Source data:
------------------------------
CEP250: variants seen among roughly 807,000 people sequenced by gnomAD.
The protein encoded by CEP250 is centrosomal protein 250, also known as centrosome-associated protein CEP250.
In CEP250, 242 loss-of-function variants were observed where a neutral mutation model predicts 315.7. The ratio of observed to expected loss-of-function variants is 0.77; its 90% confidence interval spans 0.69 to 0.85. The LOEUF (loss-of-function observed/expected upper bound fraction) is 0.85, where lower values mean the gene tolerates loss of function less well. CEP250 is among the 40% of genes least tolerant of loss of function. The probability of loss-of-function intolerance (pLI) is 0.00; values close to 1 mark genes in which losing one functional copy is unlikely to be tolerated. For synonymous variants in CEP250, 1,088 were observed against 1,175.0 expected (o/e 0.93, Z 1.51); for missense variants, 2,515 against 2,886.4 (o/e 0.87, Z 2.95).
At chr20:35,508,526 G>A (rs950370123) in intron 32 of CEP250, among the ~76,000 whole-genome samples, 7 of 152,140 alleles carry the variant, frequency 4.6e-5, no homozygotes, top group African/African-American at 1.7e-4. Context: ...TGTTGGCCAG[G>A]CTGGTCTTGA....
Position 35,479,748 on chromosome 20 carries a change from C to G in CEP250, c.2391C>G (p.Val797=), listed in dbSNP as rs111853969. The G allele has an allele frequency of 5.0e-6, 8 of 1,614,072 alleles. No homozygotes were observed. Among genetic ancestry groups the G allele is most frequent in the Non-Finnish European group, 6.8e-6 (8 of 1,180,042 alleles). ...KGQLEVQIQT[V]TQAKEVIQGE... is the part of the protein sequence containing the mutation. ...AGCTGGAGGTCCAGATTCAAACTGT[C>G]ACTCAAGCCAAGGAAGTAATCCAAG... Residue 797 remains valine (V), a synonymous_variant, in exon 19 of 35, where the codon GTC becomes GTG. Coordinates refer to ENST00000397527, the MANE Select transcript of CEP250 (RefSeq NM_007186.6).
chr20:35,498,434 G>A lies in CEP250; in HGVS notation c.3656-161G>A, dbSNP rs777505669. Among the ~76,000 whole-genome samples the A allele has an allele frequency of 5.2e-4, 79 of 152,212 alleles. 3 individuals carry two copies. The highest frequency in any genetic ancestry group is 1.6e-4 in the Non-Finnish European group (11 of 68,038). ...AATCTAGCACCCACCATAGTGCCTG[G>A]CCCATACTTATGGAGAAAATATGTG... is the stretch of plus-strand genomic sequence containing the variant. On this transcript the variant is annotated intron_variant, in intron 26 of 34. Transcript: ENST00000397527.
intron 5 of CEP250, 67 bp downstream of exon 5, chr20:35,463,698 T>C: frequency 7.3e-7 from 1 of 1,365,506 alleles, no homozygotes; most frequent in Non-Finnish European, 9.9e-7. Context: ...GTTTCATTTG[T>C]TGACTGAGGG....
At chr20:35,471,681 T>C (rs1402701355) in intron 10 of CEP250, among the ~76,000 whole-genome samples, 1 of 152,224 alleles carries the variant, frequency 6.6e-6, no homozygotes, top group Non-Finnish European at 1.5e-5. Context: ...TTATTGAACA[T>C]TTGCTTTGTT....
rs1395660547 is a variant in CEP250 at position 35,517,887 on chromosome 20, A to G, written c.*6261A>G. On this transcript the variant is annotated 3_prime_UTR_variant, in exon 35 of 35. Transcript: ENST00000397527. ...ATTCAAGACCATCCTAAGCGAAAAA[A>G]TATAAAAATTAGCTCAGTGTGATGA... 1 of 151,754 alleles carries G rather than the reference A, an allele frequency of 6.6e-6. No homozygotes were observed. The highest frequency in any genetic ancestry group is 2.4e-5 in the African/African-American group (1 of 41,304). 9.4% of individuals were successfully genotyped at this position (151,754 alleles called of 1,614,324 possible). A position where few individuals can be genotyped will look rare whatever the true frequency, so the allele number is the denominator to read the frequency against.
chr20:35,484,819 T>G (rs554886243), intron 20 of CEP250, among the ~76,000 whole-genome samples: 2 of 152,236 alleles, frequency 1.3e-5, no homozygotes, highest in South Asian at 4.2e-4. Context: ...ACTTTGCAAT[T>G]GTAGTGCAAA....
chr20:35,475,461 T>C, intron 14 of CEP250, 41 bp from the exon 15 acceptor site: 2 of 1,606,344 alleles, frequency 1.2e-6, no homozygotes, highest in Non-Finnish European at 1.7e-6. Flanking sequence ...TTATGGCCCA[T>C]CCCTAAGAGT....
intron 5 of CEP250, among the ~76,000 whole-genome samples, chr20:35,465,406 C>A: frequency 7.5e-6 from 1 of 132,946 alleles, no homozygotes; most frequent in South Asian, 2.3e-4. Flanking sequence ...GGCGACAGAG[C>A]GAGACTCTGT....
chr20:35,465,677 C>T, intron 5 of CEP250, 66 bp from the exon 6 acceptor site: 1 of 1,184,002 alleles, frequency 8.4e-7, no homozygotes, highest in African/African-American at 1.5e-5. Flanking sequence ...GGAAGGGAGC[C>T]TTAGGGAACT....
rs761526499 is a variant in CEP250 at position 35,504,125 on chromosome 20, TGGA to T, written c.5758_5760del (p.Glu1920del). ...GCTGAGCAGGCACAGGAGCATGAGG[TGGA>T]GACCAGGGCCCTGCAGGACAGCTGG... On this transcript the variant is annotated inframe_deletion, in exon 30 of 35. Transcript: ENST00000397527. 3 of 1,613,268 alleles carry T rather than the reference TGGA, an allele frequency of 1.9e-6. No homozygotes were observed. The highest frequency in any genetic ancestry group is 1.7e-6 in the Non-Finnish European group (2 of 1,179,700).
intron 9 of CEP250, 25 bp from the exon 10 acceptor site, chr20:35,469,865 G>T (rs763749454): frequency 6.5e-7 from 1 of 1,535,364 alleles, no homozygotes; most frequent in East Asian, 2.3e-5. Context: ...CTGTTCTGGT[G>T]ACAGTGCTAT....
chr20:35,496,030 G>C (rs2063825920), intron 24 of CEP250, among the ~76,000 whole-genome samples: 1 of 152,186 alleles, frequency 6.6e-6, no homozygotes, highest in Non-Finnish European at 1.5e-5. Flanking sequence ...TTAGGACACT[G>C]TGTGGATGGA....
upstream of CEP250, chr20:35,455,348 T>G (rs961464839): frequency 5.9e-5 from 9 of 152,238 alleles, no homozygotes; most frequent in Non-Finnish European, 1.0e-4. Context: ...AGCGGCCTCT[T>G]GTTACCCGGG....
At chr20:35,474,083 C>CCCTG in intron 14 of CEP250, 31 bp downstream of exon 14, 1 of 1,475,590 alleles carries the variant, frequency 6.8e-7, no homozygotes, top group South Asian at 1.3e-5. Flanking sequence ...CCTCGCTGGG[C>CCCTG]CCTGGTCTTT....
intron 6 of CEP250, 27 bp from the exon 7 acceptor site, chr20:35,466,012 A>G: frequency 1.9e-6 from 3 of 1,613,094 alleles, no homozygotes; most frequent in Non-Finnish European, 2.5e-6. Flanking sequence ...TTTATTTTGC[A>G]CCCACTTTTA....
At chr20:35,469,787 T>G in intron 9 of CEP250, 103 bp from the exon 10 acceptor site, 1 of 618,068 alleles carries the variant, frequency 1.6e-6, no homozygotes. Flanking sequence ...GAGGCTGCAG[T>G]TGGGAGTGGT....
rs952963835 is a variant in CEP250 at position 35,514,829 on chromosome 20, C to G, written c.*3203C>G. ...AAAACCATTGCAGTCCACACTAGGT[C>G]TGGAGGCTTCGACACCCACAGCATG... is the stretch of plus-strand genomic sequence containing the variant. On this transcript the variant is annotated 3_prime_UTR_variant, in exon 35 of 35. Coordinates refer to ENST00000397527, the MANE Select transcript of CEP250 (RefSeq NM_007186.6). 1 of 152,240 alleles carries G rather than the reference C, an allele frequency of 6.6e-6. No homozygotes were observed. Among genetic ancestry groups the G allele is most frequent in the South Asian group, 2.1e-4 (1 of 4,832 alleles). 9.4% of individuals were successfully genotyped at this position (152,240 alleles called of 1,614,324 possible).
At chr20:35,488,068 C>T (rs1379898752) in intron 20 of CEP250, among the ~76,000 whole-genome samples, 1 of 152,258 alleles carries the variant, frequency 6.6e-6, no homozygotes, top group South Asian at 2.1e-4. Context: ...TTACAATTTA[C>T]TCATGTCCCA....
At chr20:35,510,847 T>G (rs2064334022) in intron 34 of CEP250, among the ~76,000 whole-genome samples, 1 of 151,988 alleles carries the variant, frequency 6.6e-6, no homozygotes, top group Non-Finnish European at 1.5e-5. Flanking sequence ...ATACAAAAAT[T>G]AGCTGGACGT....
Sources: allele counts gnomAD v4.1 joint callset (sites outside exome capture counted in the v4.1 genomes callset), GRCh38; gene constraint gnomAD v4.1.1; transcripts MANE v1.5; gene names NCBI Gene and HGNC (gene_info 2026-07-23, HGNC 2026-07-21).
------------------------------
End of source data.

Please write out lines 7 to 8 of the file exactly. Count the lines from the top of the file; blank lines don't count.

intron 5 of CEP250, 67 bp downstream of exon 5, chr20:35,463,698 T>C: frequency 7.3e-7 from 1 of 1,365,506 alleles, no homozygotes; most frequent in Non-Finnish European, 9.9e-7. Context: ...GTTTCATTTG[T>C]TGACTGAGGG....
At chr20:35,471,681 T>C (rs1402701355) in intron 10 of CEP250, among the ~76,000 whole-genome samples, 1 of 152,224 alleles carries the variant, frequency 6.6e-6, no homozygotes, top group Non-Finnish European at 1.5e-5. Context: ...TTATTGAACA[T>C]TTGCTTTGTT....